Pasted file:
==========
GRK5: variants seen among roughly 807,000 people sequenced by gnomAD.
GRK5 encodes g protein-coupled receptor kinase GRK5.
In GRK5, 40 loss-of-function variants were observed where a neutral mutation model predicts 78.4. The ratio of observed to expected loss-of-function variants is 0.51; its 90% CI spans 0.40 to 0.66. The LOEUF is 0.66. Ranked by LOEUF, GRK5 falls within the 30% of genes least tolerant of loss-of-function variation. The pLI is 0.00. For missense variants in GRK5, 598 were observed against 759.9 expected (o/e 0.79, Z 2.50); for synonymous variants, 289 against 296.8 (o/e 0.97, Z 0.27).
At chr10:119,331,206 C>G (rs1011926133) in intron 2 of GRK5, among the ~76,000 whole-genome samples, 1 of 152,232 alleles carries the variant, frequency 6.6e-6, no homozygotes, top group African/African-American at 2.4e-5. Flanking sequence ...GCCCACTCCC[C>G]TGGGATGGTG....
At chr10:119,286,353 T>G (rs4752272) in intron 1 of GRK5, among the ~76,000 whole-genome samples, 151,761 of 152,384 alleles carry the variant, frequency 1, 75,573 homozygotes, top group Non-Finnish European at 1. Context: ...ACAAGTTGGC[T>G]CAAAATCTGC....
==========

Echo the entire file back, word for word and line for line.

GRK5: variants seen among roughly 807,000 people sequenced by gnomAD.
GRK5 encodes g protein-coupled receptor kinase GRK5.
In GRK5, 40 loss-of-function variants were observed where a neutral mutation model predicts 78.4. The ratio of observed to expected loss-of-function variants is 0.51; its 90% CI spans 0.40 to 0.66. The LOEUF is 0.66. Ranked by LOEUF, GRK5 falls within the 30% of genes least tolerant of loss-of-function variation. The pLI is 0.00. For missense variants in GRK5, 598 were observed against 759.9 expected (o/e 0.79, Z 2.50); for synonymous variants, 289 against 296.8 (o/e 0.97, Z 0.27).
At chr10:119,331,206 C>G (rs1011926133) in intron 2 of GRK5, among the ~76,000 whole-genome samples, 1 of 152,232 alleles carries the variant, frequency 6.6e-6, no homozygotes, top group African/African-American at 2.4e-5. Flanking sequence ...GCCCACTCCC[C>G]TGGGATGGTG....
At chr10:119,286,353 T>G (rs4752272) in intron 1 of GRK5, among the ~76,000 whole-genome samples, 151,761 of 152,384 alleles carry the variant, frequency 1, 75,573 homozygotes, top group Non-Finnish European at 1. Context: ...ACAAGTTGGC[T>G]CAAAATCTGC....